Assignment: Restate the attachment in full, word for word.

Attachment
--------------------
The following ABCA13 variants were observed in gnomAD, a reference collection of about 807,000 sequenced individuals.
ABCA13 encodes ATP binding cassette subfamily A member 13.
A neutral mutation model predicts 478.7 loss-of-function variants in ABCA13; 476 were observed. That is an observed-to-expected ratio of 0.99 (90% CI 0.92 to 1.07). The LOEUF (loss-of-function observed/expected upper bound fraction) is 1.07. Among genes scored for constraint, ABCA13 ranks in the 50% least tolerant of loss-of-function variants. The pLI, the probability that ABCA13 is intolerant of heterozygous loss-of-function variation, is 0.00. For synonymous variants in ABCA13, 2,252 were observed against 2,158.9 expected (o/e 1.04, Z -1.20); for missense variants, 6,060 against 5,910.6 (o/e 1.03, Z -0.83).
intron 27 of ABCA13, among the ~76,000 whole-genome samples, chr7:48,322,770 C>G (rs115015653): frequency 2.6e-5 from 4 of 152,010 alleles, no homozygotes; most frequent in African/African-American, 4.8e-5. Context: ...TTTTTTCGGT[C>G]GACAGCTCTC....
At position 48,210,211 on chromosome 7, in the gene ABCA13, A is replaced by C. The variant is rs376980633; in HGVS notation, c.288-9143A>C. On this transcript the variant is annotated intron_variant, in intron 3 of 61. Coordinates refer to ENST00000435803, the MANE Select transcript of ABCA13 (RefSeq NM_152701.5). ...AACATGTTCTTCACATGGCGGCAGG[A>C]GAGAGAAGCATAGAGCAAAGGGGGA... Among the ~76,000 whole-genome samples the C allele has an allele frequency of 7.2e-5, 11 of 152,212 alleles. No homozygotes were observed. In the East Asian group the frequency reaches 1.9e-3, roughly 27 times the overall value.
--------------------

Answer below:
The following ABCA13 variants were observed in gnomAD, a reference collection of about 807,000 sequenced individuals.
ABCA13 encodes ATP binding cassette subfamily A member 13.
A neutral mutation model predicts 478.7 loss-of-function variants in ABCA13; 476 were observed. That is an observed-to-expected ratio of 0.99 (90% CI 0.92 to 1.07). The LOEUF (loss-of-function observed/expected upper bound fraction) is 1.07. Among genes scored for constraint, ABCA13 ranks in the 50% least tolerant of loss-of-function variants. The pLI, the probability that ABCA13 is intolerant of heterozygous loss-of-function variation, is 0.00. For synonymous variants in ABCA13, 2,252 were observed against 2,158.9 expected (o/e 1.04, Z -1.20); for missense variants, 6,060 against 5,910.6 (o/e 1.03, Z -0.83).
intron 27 of ABCA13, among the ~76,000 whole-genome samples, chr7:48,322,770 C>G (rs115015653): frequency 2.6e-5 from 4 of 152,010 alleles, no homozygotes; most frequent in African/African-American, 4.8e-5. Context: ...TTTTTTCGGT[C>G]GACAGCTCTC....
At position 48,210,211 on chromosome 7, in the gene ABCA13, A is replaced by C. The variant is rs376980633; in HGVS notation, c.288-9143A>C. On this transcript the variant is annotated intron_variant, in intron 3 of 61. Coordinates refer to ENST00000435803, the MANE Select transcript of ABCA13 (RefSeq NM_152701.5). ...AACATGTTCTTCACATGGCGGCAGG[A>C]GAGAGAAGCATAGAGCAAAGGGGGA... Among the ~76,000 whole-genome samples the C allele has an allele frequency of 7.2e-5, 11 of 152,212 alleles. No homozygotes were observed. In the East Asian group the frequency reaches 1.9e-3, roughly 27 times the overall value.